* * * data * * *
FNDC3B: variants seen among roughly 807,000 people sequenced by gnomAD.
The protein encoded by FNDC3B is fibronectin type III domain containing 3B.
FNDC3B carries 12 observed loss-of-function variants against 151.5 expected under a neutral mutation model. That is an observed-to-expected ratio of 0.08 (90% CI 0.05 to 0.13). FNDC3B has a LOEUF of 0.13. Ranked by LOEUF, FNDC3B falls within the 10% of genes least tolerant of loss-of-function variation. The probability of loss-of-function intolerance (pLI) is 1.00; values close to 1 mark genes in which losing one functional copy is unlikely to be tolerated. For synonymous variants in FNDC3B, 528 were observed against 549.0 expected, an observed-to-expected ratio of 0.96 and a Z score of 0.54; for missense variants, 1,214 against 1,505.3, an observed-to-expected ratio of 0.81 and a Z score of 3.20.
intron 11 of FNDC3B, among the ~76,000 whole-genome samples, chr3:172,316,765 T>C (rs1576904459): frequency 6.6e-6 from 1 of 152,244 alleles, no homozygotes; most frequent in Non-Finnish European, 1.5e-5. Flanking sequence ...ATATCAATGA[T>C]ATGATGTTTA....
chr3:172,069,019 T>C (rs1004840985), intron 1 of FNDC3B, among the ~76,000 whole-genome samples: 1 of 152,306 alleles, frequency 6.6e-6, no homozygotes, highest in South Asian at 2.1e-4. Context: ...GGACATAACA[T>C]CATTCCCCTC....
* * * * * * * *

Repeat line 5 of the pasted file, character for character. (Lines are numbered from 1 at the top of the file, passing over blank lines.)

chr3:172,069,019 T>C (rs1004840985), intron 1 of FNDC3B, among the ~76,000 whole-genome samples: 1 of 152,306 alleles, frequency 6.6e-6, no homozygotes, highest in South Asian at 2.1e-4. Context: ...GGACATAACA[T>C]CATTCCCCTC....